The South Pacific island chain declared a 1.9 million-sq-km sanctuary, contiguous with one established last week by neighbouring French Polynesia. That sees a ban on shark fishing and possession or sale of shark products in an area now totalling 6.7 million sq km - nearly the size of Australia. As top predators, overfishing of sharks disrupts complex oceanic food webs. And about a third of ocean-going sharks appear on the internationally-recognised Red List of Threatened Species.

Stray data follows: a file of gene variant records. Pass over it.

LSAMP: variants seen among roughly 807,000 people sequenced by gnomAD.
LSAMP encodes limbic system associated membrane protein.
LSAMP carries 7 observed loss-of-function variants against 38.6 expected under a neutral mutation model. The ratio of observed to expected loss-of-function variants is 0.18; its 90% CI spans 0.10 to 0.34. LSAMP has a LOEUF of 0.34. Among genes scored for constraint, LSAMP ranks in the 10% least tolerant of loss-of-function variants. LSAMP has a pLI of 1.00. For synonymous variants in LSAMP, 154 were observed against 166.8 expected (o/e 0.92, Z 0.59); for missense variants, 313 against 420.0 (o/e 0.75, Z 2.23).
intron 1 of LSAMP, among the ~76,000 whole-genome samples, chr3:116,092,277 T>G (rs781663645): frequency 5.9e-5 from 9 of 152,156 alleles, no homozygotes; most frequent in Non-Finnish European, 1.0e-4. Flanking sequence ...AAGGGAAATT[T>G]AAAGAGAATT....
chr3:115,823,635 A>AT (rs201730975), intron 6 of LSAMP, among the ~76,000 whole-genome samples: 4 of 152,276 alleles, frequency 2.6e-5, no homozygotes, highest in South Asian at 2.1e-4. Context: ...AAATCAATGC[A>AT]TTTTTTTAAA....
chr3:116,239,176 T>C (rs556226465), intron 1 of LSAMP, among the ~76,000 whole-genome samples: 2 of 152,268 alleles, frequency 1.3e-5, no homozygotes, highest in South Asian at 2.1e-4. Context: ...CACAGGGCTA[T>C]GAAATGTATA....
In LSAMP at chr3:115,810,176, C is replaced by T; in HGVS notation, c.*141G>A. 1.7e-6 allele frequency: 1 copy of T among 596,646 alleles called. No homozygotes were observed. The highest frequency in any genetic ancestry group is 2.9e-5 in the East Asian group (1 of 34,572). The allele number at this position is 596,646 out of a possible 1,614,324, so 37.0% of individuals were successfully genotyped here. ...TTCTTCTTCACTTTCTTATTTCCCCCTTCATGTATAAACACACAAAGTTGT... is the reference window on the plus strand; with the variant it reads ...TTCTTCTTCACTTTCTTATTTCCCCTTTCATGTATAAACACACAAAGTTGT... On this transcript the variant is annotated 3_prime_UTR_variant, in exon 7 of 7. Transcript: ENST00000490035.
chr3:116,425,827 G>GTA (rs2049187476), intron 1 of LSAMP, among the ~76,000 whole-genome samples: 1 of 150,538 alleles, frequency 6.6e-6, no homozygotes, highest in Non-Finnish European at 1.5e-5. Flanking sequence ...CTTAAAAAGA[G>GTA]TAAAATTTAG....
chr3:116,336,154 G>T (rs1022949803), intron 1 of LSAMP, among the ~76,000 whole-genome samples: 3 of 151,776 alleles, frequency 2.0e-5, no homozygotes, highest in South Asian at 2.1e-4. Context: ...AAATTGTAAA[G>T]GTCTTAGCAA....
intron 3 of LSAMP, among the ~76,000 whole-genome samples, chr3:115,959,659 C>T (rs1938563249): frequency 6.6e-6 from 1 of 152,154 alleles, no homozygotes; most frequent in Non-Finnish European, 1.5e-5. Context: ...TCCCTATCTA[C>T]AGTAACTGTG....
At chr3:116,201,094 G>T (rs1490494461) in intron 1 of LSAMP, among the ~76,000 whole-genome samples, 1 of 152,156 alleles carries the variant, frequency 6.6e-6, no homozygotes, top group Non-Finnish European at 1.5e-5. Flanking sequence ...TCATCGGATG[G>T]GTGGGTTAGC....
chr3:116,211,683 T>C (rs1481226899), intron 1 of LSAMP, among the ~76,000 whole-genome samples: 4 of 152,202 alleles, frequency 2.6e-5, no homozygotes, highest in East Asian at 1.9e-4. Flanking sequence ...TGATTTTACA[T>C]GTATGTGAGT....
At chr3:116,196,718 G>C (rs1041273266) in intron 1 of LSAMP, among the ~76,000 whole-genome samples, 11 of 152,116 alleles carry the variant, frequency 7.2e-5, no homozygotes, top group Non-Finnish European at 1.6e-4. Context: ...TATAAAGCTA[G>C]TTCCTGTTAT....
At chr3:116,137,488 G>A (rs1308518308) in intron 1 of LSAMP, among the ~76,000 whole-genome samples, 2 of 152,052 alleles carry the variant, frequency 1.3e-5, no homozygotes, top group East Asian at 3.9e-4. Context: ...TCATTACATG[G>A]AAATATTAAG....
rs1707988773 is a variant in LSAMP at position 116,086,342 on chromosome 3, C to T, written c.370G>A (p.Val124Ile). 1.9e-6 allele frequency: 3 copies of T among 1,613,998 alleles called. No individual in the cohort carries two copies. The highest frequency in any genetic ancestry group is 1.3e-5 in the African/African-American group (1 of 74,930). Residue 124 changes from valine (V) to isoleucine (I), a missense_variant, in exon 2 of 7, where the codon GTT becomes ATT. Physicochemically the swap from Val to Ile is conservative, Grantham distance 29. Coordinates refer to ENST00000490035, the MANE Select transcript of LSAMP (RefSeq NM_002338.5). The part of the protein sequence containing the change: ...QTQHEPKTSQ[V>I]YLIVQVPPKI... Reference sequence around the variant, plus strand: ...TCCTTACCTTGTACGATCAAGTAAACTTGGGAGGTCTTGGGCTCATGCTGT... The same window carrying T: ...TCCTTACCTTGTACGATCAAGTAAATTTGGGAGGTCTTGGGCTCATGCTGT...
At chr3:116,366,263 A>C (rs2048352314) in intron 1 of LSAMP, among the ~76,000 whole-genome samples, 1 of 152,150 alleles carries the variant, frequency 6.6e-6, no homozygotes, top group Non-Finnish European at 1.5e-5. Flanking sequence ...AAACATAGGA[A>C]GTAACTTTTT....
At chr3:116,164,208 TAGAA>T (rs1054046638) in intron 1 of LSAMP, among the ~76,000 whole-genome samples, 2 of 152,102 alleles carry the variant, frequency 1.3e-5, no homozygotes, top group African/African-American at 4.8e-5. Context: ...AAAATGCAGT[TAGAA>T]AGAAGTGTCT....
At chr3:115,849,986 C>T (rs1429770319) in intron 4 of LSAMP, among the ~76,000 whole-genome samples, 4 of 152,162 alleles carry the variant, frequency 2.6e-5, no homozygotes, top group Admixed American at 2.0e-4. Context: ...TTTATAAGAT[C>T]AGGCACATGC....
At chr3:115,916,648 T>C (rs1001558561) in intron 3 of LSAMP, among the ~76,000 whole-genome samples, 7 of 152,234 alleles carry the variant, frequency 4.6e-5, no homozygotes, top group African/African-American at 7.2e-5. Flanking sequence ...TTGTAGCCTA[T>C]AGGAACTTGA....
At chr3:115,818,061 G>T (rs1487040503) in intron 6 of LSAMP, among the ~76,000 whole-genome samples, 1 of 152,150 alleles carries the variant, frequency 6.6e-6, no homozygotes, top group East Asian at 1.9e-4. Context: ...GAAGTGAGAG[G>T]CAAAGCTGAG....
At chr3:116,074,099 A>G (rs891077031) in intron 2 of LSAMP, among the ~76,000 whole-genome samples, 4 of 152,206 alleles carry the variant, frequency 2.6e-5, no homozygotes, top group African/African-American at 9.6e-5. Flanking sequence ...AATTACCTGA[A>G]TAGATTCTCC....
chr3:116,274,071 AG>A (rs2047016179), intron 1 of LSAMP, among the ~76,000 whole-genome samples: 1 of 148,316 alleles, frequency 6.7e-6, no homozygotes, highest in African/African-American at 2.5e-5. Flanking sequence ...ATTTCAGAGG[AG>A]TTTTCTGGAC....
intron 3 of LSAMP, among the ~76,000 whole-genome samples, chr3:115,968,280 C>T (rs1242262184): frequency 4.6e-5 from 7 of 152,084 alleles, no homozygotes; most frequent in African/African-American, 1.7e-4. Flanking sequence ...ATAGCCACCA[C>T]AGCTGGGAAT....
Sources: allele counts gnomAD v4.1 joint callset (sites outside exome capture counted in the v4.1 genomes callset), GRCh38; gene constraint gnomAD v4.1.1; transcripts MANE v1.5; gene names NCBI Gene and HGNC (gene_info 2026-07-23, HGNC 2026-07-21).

"We are proud as Cook Islanders to provide our entire exclusive economic zone... as a shark sanctuary," said Teina Bishop, Cook Islands minister of marine resources.
"We join our Pacific neighbours to protect this animal, which is very vital to the health of our oceans, and our culture."
Other island nations with sanctuaries also include Palau, the Maldives, Tokelau, Honduras and the Bahamas. Last week's move by French Polynesia overtook the Marshall Islands' area, outlined in late 2011, as the world's largest - and the Cook Island's claim adds 40% more area to that title. As with the Marshall Islands' declaration, the Cook Islands' effort was with the help of the Pew Environment Group, which advocates island nations' involvement because of the vast scope of their territorial waters.